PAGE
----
Michael Gold, Editor
HISTORIC CITY NEWS
There was an opportunity missed tonight that I, for one, regret.
During the “commissioner comments” portion of tonight’s city commission meeting, Commissioner Roxanne Horvath brought up her concerns over the recent actions against the Silent Sam statue on the grounds of the University of North Carolina at Chapel Hill.
She referred to one remark made during public comments at the beginning of the meeting by Doug Russo. He said that citizens would respond “with force, if necessary” to protect the 139-year-old cenotaph placed in the Plaza de la Constitution by the Ladies Memorial Association of St Augustine to recognize 44 local soldiers whose bodies were never returned home for a proper burial after the American Civil War.
At least two other speakers used their three-minute allotments to ask the commissioners to reconsider their decision to adopt placement of four descriptive plaques, to be attached directly to the authentic historic artifact.
The choice of narrative on the four new signs has been the bone of contention since accepted by the commissioners in a 4-to-1 vote with Mayor Nancy Shaver dissenting. Hottest of the hot buttons seems to be use of the inflammatory term “white supremacist”. Some, including Shaver, have said that any enlightenment from the use of such “trigger words” brings more heat than illumination.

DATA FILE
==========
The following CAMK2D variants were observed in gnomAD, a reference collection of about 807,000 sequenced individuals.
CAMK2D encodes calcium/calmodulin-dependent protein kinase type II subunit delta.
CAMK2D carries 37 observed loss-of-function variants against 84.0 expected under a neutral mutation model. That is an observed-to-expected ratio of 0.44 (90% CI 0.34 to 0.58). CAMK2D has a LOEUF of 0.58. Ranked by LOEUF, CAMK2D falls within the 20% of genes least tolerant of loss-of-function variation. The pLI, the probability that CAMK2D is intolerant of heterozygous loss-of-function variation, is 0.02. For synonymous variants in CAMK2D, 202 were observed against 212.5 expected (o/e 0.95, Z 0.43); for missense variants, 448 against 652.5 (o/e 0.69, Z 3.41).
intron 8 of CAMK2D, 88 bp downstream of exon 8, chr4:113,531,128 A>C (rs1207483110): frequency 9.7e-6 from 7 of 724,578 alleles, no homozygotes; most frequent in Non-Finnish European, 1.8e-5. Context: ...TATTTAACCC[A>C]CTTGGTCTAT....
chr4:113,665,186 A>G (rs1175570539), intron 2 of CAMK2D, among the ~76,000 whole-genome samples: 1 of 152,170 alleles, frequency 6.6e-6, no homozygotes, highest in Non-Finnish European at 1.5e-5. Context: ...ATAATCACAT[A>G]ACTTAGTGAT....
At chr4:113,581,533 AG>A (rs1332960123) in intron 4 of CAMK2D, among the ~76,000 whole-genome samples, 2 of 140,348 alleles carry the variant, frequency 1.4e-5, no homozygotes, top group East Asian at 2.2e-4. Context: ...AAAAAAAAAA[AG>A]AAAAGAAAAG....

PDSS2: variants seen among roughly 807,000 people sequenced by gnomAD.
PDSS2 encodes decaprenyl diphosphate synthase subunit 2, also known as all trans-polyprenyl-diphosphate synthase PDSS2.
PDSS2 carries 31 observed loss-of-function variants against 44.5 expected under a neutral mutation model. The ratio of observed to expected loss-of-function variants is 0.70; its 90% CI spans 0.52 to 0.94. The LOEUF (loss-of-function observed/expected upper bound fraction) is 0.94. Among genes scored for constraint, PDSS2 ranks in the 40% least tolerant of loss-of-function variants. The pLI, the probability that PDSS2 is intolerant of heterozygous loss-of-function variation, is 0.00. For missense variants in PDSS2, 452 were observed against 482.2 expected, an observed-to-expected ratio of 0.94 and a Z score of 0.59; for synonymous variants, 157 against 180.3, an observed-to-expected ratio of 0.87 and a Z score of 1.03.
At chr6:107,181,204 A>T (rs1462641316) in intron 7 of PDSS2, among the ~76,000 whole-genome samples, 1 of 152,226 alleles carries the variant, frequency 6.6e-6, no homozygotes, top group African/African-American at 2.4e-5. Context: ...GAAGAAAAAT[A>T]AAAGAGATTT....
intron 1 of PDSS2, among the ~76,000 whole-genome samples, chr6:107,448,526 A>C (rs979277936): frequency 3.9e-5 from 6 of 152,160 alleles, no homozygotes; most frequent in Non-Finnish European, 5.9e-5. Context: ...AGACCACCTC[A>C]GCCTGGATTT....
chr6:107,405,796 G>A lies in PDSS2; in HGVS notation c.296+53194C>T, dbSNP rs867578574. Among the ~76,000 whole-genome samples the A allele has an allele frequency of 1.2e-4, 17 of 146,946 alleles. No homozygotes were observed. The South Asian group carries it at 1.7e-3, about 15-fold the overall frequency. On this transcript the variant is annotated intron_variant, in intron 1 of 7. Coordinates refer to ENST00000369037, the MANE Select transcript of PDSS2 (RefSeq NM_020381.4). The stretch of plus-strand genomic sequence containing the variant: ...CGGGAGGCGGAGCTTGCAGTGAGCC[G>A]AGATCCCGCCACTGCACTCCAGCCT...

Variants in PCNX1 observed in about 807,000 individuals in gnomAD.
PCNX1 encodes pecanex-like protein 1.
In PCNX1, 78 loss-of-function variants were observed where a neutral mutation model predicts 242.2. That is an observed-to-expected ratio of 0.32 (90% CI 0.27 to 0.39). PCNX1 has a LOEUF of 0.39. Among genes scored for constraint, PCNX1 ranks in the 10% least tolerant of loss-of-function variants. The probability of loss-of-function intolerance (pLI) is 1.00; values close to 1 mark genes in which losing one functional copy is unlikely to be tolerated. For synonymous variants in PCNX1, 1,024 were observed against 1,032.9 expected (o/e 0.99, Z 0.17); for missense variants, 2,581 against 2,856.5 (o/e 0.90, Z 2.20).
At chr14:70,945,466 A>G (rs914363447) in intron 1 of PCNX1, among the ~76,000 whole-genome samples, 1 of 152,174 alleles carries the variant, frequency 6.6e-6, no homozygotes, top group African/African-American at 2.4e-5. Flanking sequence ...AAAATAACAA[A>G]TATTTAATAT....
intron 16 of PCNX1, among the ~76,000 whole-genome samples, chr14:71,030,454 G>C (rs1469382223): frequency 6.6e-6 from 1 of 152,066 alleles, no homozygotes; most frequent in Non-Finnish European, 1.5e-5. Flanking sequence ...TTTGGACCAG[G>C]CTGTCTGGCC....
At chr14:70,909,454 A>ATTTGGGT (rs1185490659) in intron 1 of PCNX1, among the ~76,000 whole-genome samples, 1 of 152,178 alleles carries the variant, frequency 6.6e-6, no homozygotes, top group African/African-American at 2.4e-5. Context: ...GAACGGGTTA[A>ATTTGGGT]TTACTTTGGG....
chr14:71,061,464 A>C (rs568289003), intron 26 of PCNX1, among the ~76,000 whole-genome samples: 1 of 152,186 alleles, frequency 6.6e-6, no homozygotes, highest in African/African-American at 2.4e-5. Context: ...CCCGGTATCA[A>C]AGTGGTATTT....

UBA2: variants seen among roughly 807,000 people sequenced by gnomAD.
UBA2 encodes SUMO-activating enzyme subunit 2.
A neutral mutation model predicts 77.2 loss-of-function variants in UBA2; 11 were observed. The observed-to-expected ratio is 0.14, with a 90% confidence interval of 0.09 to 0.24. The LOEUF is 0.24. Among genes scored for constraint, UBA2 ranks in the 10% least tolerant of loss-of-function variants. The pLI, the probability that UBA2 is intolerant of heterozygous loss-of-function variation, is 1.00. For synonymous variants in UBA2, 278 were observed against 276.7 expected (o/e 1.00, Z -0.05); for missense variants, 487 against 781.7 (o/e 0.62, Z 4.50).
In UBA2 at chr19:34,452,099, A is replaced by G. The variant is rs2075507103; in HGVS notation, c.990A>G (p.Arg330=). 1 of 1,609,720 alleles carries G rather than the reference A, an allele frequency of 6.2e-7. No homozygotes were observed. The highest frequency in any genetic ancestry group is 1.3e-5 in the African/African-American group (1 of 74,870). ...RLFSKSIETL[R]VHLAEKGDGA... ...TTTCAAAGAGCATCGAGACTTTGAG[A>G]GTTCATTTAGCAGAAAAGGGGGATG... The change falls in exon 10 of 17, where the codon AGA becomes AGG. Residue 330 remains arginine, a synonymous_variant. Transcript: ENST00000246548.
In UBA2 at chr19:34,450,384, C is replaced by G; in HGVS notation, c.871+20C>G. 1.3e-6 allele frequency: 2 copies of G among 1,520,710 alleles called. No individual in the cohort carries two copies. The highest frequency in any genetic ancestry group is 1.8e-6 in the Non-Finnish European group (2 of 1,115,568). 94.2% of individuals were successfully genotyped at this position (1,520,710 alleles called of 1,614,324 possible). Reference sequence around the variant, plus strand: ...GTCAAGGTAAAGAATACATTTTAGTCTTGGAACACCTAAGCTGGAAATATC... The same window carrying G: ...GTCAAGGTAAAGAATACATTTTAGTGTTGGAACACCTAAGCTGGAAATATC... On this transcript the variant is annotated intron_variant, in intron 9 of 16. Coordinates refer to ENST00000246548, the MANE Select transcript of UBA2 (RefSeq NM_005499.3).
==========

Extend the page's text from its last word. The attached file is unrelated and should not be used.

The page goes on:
Since the commission’s vote, the City has denied requests for a 10-minute presentation at a city commission meeting for lack of a sponsor. Shaver indicated previously that she could not be the member to sponsor any presentation to reconsider the prior vote, since she voted against the contextualization plan to start with.
One of the commissioners who voted to move forward with the recommendation of the seven-member committee, handpicked by City Manager John Regan, must be the one to sponsor any official discussion to reconsider.
But when Horvath expressed her concerns, creating the opportunity for new discussion, vice-mayor Todd Neville stepped in over her in a discussion, with staff and others at the table, on a different topic. To her credit, Shaver reminded the commissioners that Horvath had asked a question and returned the floor to her.
Horvath restated her interest and questioned if there was anyone else who wanted to discuss the controversial memorial discussion. The table was silent, and this time, Shaver quickly swept the conversation away to junior city manager Tim Burchfield. He stated that city employees are prepared, on a minute’s notice during the day, to barricade access to any of the obelisks in the Plaza and that the police department was prepared if they were needed.
It would have been nice if Shaver had picked up the ball and moved it down the field, Horvath in tow, since there might have been a third at the table who could be convinced to reopen the issue for further discussion. We’ll never know now.